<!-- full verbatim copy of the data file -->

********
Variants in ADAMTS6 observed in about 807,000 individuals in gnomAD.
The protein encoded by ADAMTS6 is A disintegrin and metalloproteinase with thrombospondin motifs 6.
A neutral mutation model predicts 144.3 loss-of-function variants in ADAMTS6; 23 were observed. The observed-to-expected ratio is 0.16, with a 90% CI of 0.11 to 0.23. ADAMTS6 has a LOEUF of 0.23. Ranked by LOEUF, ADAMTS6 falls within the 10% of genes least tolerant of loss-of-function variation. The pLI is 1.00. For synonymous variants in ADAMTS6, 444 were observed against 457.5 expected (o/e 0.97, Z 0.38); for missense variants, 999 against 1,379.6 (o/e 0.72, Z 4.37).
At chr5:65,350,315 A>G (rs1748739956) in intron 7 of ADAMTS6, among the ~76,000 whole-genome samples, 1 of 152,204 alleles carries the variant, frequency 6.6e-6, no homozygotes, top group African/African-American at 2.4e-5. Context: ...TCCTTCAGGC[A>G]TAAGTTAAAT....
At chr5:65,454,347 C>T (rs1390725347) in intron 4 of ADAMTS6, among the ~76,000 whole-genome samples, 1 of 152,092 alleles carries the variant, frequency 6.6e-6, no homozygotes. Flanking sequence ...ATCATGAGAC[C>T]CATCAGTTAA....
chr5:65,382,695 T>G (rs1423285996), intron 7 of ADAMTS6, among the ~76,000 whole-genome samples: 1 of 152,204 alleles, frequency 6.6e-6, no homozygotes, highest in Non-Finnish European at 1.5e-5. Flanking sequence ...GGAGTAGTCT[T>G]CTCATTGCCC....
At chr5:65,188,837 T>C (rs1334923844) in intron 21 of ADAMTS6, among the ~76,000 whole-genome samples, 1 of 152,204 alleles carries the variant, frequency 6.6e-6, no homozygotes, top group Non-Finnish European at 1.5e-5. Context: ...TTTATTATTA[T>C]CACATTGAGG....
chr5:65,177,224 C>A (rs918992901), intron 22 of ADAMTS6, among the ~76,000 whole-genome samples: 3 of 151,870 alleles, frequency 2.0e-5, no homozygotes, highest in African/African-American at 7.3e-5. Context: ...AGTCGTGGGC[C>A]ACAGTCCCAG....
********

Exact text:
Variants in ADAMTS6 observed in about 807,000 individuals in gnomAD.
The protein encoded by ADAMTS6 is A disintegrin and metalloproteinase with thrombospondin motifs 6.
A neutral mutation model predicts 144.3 loss-of-function variants in ADAMTS6; 23 were observed. The observed-to-expected ratio is 0.16, with a 90% CI of 0.11 to 0.23. ADAMTS6 has a LOEUF of 0.23. Ranked by LOEUF, ADAMTS6 falls within the 10% of genes least tolerant of loss-of-function variation. The pLI is 1.00. For synonymous variants in ADAMTS6, 444 were observed against 457.5 expected (o/e 0.97, Z 0.38); for missense variants, 999 against 1,379.6 (o/e 0.72, Z 4.37).
At chr5:65,350,315 A>G (rs1748739956) in intron 7 of ADAMTS6, among the ~76,000 whole-genome samples, 1 of 152,204 alleles carries the variant, frequency 6.6e-6, no homozygotes, top group African/African-American at 2.4e-5. Context: ...TCCTTCAGGC[A>G]TAAGTTAAAT....
At chr5:65,454,347 C>T (rs1390725347) in intron 4 of ADAMTS6, among the ~76,000 whole-genome samples, 1 of 152,092 alleles carries the variant, frequency 6.6e-6, no homozygotes. Flanking sequence ...ATCATGAGAC[C>T]CATCAGTTAA....
chr5:65,382,695 T>G (rs1423285996), intron 7 of ADAMTS6, among the ~76,000 whole-genome samples: 1 of 152,204 alleles, frequency 6.6e-6, no homozygotes, highest in Non-Finnish European at 1.5e-5. Flanking sequence ...GGAGTAGTCT[T>G]CTCATTGCCC....
At chr5:65,188,837 T>C (rs1334923844) in intron 21 of ADAMTS6, among the ~76,000 whole-genome samples, 1 of 152,204 alleles carries the variant, frequency 6.6e-6, no homozygotes, top group Non-Finnish European at 1.5e-5. Context: ...TTTATTATTA[T>C]CACATTGAGG....
chr5:65,177,224 C>A (rs918992901), intron 22 of ADAMTS6, among the ~76,000 whole-genome samples: 3 of 151,870 alleles, frequency 2.0e-5, no homozygotes, highest in African/African-American at 7.3e-5. Context: ...AGTCGTGGGC[C>A]ACAGTCCCAG....